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2012 Agenda and Abstracts | < Previous

2012 OMIG Abstract 24

Evaluation of a Complete-Kill Assay for Anti-Acanthamoeba Solutions
R.P. Kowalski, S. Abdel Aziz, R.M.Q. Shanks, E.G. Romanowski, A.C. Nau

The Charles T. Campbell Ophthalmic Microbiology Laboratory, University of Pittsburgh, Pittsburgh, PA

Purpose: Acanthamoeba keratitis is a sight debilitating disease that requires effective topical drug therapy to eradicate the pathogenic agent. We compared four anti-acanthamoeba drugs using a complete-kill assay.

Methods: An assay was created to determine whether 0.02% poly(hexamethylene biguanide) hydrochloride (PHMB), 0.02% chlorhexidinedigluconate (CHL), 0.1% c-desomedine (DESO), and 1.0% c-voriconazole (VOR) were effective in completely killing 15 different isolates of acanthamoeba at time points 24, 48, and 72 hours in comparison to a saline control. Each 0.5 ml volume of solution was inoculated with 0.1 ml of acanthamoeba cysts at a concentration of 1-5 x 106/ml determined with a hemacytometer and allowed to incubate at 30oC. At the time points listed, aliquots from each treatment group were inoculated onto non-nutrient agar overlaid with Enterobacter aerogenes. The plates were microscopically examined for growth at time points 1 and 2 weeks. At 2 weeks, all plates were sub-cultured onto fresh medium. At 7 days, growth in sub-culture at each time point was graded 1 for growth and zero for no growth. The time points were combined for each drug with a possible grade from 0 to 3. The grades were non-parametrically (Mann Whitney) compared to determine any significance in positive growth between the drugs.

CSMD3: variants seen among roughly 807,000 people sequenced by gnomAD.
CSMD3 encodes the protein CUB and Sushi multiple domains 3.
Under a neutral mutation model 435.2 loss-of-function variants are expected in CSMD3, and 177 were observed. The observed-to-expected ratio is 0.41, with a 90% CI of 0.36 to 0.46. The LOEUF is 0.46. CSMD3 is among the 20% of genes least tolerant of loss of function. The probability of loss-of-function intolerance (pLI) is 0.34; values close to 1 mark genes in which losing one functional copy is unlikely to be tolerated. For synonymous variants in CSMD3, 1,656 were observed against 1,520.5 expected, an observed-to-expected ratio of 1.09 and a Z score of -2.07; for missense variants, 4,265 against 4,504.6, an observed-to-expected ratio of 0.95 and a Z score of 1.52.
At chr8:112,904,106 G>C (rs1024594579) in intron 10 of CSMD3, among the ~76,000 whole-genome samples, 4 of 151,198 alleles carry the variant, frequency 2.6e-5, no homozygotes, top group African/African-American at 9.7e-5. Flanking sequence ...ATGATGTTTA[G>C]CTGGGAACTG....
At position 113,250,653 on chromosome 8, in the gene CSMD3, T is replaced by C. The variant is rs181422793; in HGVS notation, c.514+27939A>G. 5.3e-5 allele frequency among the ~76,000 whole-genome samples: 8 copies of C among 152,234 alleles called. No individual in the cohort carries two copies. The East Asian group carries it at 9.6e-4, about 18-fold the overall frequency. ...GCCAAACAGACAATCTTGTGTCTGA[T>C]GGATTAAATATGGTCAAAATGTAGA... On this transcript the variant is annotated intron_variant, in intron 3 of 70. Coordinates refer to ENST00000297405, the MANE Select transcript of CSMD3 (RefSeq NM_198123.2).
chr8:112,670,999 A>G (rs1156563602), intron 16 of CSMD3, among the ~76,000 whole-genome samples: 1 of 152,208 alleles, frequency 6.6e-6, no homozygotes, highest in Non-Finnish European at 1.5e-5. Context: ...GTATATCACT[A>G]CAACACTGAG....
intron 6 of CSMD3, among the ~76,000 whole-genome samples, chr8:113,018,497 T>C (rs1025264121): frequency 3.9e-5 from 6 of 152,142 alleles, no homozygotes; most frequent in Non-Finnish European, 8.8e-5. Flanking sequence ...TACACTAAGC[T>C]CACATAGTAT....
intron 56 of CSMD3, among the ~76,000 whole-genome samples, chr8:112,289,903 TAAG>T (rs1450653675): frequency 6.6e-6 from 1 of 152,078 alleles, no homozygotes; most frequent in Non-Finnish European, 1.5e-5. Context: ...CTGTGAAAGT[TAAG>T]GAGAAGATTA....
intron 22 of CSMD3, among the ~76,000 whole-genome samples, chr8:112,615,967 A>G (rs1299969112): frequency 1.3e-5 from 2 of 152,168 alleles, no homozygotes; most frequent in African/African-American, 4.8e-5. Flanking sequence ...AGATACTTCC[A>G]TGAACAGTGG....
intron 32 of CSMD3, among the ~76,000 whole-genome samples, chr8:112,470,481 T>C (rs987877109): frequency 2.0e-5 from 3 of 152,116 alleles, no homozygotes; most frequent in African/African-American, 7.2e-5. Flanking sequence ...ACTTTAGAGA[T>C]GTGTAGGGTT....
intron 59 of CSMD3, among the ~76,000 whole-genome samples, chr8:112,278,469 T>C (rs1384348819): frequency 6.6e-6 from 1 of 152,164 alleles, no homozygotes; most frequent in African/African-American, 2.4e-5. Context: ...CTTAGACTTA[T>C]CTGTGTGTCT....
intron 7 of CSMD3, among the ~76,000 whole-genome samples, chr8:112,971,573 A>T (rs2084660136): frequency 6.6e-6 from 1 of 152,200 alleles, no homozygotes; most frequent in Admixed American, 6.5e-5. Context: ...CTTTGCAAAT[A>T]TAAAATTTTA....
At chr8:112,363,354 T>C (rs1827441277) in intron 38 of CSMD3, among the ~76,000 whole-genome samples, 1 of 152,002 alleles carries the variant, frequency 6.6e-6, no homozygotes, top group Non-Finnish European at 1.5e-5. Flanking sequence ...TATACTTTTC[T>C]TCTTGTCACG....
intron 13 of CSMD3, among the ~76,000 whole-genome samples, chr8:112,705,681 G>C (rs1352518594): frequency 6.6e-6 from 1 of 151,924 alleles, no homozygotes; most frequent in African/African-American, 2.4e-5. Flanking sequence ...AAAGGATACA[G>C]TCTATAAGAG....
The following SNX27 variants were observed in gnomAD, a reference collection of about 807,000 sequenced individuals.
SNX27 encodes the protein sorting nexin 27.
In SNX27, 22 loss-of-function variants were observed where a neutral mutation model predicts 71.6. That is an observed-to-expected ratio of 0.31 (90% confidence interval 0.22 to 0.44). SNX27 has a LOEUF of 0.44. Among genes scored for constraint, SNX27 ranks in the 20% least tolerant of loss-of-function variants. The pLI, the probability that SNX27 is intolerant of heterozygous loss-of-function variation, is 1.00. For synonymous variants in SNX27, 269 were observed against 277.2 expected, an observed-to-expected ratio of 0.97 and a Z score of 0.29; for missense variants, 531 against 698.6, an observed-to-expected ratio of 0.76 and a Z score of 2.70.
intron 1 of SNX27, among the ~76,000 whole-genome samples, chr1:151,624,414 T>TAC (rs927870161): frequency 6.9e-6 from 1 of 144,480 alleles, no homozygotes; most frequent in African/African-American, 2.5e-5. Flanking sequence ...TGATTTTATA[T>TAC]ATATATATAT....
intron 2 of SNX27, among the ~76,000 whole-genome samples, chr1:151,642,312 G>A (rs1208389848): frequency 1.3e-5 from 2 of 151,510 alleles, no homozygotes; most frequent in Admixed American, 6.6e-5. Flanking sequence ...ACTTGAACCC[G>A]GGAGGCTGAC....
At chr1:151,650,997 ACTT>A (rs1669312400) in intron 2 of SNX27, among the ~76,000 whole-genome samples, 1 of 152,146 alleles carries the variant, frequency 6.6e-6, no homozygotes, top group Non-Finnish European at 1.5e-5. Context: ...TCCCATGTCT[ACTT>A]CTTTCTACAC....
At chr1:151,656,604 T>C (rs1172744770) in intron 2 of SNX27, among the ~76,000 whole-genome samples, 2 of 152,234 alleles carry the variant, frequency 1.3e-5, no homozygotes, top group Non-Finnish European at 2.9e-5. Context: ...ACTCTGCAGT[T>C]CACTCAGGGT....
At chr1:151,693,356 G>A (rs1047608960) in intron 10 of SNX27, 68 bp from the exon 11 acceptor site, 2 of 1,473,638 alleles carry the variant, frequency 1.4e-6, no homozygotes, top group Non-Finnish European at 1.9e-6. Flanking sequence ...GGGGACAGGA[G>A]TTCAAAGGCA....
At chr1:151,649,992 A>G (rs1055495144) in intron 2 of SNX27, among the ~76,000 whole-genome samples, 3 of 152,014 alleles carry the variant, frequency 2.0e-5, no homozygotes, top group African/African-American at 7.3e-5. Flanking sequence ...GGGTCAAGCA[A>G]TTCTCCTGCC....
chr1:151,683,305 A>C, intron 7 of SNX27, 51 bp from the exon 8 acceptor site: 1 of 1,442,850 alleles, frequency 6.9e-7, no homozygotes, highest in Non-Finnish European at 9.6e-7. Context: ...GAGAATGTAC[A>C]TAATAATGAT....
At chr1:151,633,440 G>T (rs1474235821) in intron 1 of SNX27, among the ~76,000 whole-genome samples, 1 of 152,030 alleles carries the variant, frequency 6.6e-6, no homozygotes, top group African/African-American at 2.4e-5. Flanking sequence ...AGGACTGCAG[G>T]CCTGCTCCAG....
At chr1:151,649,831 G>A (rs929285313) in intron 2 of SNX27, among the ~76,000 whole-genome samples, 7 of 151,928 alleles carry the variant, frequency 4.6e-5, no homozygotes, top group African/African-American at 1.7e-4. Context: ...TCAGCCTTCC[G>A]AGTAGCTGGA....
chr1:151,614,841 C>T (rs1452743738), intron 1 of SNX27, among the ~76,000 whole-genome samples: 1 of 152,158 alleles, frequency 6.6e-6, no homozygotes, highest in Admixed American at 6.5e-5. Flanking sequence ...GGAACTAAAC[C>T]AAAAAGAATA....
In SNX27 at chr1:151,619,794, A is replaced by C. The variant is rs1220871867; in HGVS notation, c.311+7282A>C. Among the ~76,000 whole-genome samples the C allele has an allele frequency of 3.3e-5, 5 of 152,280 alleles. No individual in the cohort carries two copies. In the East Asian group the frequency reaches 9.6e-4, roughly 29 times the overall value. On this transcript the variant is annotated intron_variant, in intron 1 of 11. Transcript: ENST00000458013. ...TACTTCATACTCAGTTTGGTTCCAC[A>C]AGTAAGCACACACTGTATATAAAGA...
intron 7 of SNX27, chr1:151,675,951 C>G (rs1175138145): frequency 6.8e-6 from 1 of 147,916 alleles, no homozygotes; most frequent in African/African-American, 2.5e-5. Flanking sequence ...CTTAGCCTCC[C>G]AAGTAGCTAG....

Results: Complete–kill was determined more frequently with PHMB and DESO (p=1.0) than CHL (p=0.04). PHMB, DESO, and CHL demonstrated more complete-kill than VOR (p=0.01) which was more effective than the saline control (p=0.0003).

Conclusion: The complete-kill assay appears to provide separation in the effectiveness of different anti-amoebic drug solutions. This assay may provide an alternative evaluation of possible new anti-infectives in the treatment of acanthamoeba keratitis.

Disclosure: None

2012 Agenda and Abstracts | < Previous